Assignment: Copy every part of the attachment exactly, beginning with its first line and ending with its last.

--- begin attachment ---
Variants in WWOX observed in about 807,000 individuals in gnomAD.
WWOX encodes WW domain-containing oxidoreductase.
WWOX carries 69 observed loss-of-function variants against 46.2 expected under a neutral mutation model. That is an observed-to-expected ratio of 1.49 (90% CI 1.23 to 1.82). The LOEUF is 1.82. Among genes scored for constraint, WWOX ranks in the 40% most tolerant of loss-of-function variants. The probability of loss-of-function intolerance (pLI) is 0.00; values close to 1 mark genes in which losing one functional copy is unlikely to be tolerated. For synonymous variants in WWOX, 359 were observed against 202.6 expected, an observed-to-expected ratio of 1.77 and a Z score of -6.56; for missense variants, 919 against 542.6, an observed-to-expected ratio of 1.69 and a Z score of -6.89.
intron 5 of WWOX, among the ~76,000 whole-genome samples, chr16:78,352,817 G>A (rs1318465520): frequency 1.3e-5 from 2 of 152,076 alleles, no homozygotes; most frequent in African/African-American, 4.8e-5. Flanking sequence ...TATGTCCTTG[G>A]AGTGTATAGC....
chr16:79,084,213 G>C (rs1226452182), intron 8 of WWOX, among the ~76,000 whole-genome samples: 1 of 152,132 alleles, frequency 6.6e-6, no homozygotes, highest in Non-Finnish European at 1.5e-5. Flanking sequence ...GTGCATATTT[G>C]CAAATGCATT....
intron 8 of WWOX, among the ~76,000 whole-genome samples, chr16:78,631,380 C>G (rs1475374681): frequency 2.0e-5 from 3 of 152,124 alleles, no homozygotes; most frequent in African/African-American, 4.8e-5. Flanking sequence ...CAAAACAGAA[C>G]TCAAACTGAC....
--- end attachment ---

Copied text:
Variants in WWOX observed in about 807,000 individuals in gnomAD.
WWOX encodes WW domain-containing oxidoreductase.
WWOX carries 69 observed loss-of-function variants against 46.2 expected under a neutral mutation model. That is an observed-to-expected ratio of 1.49 (90% CI 1.23 to 1.82). The LOEUF is 1.82. Among genes scored for constraint, WWOX ranks in the 40% most tolerant of loss-of-function variants. The probability of loss-of-function intolerance (pLI) is 0.00; values close to 1 mark genes in which losing one functional copy is unlikely to be tolerated. For synonymous variants in WWOX, 359 were observed against 202.6 expected, an observed-to-expected ratio of 1.77 and a Z score of -6.56; for missense variants, 919 against 542.6, an observed-to-expected ratio of 1.69 and a Z score of -6.89.
intron 5 of WWOX, among the ~76,000 whole-genome samples, chr16:78,352,817 G>A (rs1318465520): frequency 1.3e-5 from 2 of 152,076 alleles, no homozygotes; most frequent in African/African-American, 4.8e-5. Flanking sequence ...TATGTCCTTG[G>A]AGTGTATAGC....
chr16:79,084,213 G>C (rs1226452182), intron 8 of WWOX, among the ~76,000 whole-genome samples: 1 of 152,132 alleles, frequency 6.6e-6, no homozygotes, highest in Non-Finnish European at 1.5e-5. Flanking sequence ...GTGCATATTT[G>C]CAAATGCATT....
intron 8 of WWOX, among the ~76,000 whole-genome samples, chr16:78,631,380 C>G (rs1475374681): frequency 2.0e-5 from 3 of 152,124 alleles, no homozygotes; most frequent in African/African-American, 4.8e-5. Flanking sequence ...CAAAACAGAA[C>G]TCAAACTGAC....